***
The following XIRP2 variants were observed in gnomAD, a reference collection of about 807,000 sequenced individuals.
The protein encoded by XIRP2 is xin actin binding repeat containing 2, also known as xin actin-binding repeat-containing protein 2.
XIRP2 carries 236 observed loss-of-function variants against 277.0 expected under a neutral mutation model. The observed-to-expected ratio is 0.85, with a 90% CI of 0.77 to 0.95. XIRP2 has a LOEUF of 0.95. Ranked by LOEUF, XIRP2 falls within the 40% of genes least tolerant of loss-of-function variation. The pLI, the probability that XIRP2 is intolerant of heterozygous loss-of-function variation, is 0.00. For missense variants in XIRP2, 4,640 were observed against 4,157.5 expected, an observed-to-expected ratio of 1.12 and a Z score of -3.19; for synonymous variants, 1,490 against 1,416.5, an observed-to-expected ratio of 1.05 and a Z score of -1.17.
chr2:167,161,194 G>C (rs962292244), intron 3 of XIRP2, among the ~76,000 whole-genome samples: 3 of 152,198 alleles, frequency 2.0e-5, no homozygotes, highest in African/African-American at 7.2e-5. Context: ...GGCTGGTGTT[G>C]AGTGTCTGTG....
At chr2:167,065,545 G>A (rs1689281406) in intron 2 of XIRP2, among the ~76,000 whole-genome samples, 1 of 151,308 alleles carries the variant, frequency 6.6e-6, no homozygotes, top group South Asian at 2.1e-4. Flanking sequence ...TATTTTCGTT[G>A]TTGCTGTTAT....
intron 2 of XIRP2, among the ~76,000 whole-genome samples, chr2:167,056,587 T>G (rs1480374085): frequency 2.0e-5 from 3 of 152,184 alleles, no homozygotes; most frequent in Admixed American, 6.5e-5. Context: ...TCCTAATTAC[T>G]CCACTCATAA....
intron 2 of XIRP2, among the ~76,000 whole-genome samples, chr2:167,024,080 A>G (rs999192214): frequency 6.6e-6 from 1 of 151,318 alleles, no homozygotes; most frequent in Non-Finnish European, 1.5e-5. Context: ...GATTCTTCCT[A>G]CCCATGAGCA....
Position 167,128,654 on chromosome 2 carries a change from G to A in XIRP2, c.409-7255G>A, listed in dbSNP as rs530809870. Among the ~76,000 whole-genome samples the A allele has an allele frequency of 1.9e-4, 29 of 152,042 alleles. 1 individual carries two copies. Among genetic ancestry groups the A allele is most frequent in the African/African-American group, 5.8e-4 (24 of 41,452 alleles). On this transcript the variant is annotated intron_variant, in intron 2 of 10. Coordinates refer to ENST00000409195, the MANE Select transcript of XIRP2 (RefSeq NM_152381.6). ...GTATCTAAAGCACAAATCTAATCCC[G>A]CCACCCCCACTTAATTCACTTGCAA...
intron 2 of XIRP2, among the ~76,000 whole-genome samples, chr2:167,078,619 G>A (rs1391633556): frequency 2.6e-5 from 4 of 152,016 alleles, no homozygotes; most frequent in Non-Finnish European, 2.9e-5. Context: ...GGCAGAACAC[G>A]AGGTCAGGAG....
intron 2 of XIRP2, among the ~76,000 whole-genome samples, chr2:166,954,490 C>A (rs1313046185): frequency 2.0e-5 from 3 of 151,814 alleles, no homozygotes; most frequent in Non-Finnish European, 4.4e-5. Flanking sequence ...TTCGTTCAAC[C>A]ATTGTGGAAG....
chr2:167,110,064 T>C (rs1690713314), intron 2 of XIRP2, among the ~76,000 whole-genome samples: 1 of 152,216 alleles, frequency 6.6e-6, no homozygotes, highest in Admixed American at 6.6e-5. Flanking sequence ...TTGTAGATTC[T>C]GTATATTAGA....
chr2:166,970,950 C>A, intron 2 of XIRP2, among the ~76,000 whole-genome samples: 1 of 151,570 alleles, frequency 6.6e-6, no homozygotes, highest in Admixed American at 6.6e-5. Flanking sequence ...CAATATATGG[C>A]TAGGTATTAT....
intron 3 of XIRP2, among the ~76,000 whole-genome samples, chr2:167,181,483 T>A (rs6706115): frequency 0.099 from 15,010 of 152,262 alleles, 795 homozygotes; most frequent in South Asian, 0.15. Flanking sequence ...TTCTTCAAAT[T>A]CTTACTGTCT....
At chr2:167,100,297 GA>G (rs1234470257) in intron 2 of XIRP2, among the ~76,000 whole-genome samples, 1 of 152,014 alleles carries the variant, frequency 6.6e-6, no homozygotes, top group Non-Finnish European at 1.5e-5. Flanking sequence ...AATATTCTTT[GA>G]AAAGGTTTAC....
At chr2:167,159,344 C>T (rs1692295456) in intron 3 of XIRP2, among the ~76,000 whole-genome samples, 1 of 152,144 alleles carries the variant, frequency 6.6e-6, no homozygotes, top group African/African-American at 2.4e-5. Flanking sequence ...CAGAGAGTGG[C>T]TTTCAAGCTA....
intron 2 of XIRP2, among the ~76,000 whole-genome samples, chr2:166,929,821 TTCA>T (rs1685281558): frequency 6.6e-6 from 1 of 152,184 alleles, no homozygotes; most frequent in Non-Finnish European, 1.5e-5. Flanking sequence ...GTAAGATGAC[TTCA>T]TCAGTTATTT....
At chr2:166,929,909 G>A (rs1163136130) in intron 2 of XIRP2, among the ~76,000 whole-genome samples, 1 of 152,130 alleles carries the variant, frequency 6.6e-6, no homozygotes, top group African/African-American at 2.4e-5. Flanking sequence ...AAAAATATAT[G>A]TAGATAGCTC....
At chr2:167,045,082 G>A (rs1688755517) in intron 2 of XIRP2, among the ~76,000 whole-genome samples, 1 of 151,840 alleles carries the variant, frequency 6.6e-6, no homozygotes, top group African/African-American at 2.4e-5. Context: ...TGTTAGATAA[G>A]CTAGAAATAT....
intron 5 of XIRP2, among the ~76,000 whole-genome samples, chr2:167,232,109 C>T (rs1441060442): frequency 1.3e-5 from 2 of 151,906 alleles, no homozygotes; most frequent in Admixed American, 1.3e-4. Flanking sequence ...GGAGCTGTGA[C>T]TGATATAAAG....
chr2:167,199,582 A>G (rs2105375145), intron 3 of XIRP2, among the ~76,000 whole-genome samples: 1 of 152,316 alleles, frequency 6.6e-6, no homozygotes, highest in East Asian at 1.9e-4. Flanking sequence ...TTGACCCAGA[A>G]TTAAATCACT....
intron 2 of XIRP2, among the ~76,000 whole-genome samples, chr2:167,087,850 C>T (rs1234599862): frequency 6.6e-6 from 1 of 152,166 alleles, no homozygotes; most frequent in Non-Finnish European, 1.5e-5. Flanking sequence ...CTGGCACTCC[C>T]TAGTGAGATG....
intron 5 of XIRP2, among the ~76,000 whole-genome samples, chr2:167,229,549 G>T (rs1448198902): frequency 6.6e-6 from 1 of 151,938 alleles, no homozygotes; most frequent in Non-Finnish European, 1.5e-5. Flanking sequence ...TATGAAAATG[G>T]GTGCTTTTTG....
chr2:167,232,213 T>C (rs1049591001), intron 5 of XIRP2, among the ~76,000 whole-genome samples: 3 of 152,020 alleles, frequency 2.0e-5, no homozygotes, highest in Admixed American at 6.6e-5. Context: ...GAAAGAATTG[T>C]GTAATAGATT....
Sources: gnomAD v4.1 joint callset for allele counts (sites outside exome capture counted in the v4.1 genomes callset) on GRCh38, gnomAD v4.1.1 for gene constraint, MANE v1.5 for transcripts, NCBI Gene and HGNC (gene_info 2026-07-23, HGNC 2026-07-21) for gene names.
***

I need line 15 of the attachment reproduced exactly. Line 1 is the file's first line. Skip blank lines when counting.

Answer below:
At chr2:167,159,344 C>T (rs1692295456) in intron 3 of XIRP2, among the ~76,000 whole-genome samples, 1 of 152,144 alleles carries the variant, frequency 6.6e-6, no homozygotes, top group African/African-American at 2.4e-5. Flanking sequence ...CAGAGAGTGG[C>T]TTTCAAGCTA....